But just what makes You Tube so attractive when Google, along with the other major players in the sector, have their own products. Well, clearly the visitor levels to the site are a major part of this together with their spending potential for online advertising which is, let’s face it, Google’s primary source of income. But is that it?

    Personally, I’m tempted by the argument that the major players are showing that they realise that the social communities and social networks on the web are going to be the places which will continue to grow and where people will “congregate”. Where there are people, there is of course also value.

    And this is why I feel that it is particularly worthy of mention here. Blogs can also develop into a type of combined social and business network, albeit on a micro scale. The topics discussed and the type of people attracted will depend on the subject matter of the blog and will therefore be broadly led by the author who also imbues its , but it is the participation of the readers of the blog which really give it its character over time.

    Why are blogs particularly suited to this? Primarily because, when developed well, they embody the ethos of sharing and of community that social networks display. In successful blogs, information is freely shared and linking to other sources is generally done on a merit basis rather than because of a shared desire to belong to a “link farm of two”.

    In doing so, good individual and business blogs put themselves at the heart of a network or a community which forms around a blog. This happens because it attracts and draws together people with similar interests and allows them to communicate with each other. And that of course is great for business too!

    We may not all be able to create a community which we can sell on for a 10 figure sum (!), but in our own ways we are trying to do just the same as You Tube. We are creating an environment where not only the author, but all the participants can share ideas and opinions on a diverse range of subjects and learn from each other.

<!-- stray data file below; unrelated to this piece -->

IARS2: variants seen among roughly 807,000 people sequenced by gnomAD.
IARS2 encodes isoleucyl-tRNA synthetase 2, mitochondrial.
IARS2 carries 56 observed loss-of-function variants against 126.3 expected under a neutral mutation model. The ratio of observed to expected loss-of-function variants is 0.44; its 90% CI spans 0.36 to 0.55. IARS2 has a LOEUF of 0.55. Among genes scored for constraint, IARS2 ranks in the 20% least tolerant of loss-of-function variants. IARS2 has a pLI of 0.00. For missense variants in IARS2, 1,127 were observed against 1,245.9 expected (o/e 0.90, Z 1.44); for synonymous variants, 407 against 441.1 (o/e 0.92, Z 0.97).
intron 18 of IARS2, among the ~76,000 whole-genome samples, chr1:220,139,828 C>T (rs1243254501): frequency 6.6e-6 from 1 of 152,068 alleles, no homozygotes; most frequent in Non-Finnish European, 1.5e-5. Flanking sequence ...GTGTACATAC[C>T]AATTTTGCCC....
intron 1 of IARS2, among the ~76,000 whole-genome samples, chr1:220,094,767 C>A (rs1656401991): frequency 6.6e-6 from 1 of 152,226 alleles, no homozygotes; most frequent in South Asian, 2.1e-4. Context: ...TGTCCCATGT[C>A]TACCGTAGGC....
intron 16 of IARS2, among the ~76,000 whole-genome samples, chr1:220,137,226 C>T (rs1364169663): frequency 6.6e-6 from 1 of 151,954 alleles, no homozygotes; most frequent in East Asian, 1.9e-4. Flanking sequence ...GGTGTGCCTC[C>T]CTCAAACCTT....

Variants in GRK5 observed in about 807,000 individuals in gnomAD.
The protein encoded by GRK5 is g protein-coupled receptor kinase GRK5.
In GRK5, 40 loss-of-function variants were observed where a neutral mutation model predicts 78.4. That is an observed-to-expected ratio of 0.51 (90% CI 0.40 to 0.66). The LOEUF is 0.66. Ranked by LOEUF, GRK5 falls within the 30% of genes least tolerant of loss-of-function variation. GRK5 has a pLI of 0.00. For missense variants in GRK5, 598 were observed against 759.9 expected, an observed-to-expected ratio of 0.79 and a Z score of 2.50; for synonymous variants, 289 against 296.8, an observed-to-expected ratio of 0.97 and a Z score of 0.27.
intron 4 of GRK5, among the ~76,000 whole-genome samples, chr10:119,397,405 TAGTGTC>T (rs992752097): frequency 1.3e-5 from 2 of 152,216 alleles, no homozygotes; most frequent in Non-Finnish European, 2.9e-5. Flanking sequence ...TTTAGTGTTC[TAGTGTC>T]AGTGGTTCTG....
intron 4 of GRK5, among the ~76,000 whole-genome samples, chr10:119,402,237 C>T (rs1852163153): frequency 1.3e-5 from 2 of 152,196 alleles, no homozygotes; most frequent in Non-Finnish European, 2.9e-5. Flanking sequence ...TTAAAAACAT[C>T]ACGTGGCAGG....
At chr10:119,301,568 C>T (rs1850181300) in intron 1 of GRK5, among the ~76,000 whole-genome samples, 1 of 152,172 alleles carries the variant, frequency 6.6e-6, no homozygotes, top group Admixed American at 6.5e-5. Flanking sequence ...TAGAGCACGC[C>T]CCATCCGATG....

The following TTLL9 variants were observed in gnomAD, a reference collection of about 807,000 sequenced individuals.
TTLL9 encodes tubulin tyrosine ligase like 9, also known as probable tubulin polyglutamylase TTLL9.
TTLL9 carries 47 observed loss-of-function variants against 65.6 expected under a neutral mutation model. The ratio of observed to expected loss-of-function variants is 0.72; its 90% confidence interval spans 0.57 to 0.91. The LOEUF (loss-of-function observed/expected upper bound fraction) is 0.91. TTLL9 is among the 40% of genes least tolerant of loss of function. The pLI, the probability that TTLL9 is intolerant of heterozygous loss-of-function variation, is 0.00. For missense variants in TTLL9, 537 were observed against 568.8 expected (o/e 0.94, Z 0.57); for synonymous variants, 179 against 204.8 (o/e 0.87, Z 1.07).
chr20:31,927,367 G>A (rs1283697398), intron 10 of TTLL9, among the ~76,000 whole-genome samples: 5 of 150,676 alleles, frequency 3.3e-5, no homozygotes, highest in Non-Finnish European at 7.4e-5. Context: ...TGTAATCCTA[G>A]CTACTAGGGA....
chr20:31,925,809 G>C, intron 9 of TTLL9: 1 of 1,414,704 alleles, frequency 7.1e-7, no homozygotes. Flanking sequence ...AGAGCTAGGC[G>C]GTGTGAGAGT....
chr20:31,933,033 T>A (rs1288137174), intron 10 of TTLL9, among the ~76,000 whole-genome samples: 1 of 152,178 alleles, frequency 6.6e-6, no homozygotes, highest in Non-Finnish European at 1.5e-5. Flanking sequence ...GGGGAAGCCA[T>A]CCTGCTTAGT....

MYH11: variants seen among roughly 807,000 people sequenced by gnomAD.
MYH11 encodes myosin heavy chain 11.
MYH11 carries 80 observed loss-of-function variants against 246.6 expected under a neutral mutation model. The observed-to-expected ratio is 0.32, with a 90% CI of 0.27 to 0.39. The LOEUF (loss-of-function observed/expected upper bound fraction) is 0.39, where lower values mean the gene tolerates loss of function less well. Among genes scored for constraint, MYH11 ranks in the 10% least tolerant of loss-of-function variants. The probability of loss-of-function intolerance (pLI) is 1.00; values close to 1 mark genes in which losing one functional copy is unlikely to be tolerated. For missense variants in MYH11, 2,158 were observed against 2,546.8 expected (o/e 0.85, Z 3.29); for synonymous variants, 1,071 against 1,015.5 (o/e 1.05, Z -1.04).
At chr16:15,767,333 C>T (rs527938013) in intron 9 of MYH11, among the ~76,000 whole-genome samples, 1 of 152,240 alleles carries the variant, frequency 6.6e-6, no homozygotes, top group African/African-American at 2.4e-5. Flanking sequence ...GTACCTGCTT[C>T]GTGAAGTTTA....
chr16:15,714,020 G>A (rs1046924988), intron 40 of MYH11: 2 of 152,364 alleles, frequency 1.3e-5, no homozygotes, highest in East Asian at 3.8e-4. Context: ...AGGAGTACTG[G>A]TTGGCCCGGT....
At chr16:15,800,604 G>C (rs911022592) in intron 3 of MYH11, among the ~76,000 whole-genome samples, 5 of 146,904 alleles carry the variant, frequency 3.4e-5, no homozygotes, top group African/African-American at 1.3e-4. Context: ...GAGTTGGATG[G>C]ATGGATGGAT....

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    Joshua Schachter over at Del.icio.us announced this week that they had registered their 1 millionth user while TechCrunch in their own summary also reminded us that Digg recently reported they had just passed the half million mark.

    While the numbers arent enormous in internet terms, they are by no means insignificant and they are growing. So, along with the other social bookmarking (and indeed social networking) sites, they are certainly worth paying attention to as we look to promote our blogs and raise the visibility and profile of the information we provide.

    Why in particular? Because social bookmarking provides an additional way for your readers to save your site or an individual post as one of their favourites which allows them to share it with others – this creates an additional route for people to find and potentially write about your site. In this sense, you could look at it as a sort of online version of refer a friend on steroids. Not forgetting that, as with all networking, even if the person they tell is not directly interested, they may well pass it on to others who are.

    So, who might use this as a promotional tool? Effectively anyone with something (preferably interesting!) to say or share. It could be an article or a set of useful hints and tips, it could be a drawing, photo or picture (using Flickr for example) or perhaps a podcast or video clip. Whatever the content is, the key element is the sharing and the community aspect if someone has it in their favourites then they are effectively endorsing it and recommending it to others. Best type of recommendation – from a friend or colleague. And by extension, best type of business – referral business.

    For this reason, I have added social bookmarking to my list of Marketing and Promotional techniques, in particular for blogs though it should also be considered for websites. It is an added way to gain additional exposure which in turn translates into additional visitors which you can then turn into additional revenue. Definitely worthwhile.

    So what do I have to do to take advantage of this? Well, ideally it should be as easy as possible for visitors to save your content to the social bookmarking sites and the best way to do this is with a simple link or icon which does this automatically. If you are using WordPress, then there are a number of plug-ins which will help you to do just this. Two that you might like to look at are Sociable and Social Bookmark Bar, both of which achieve it well.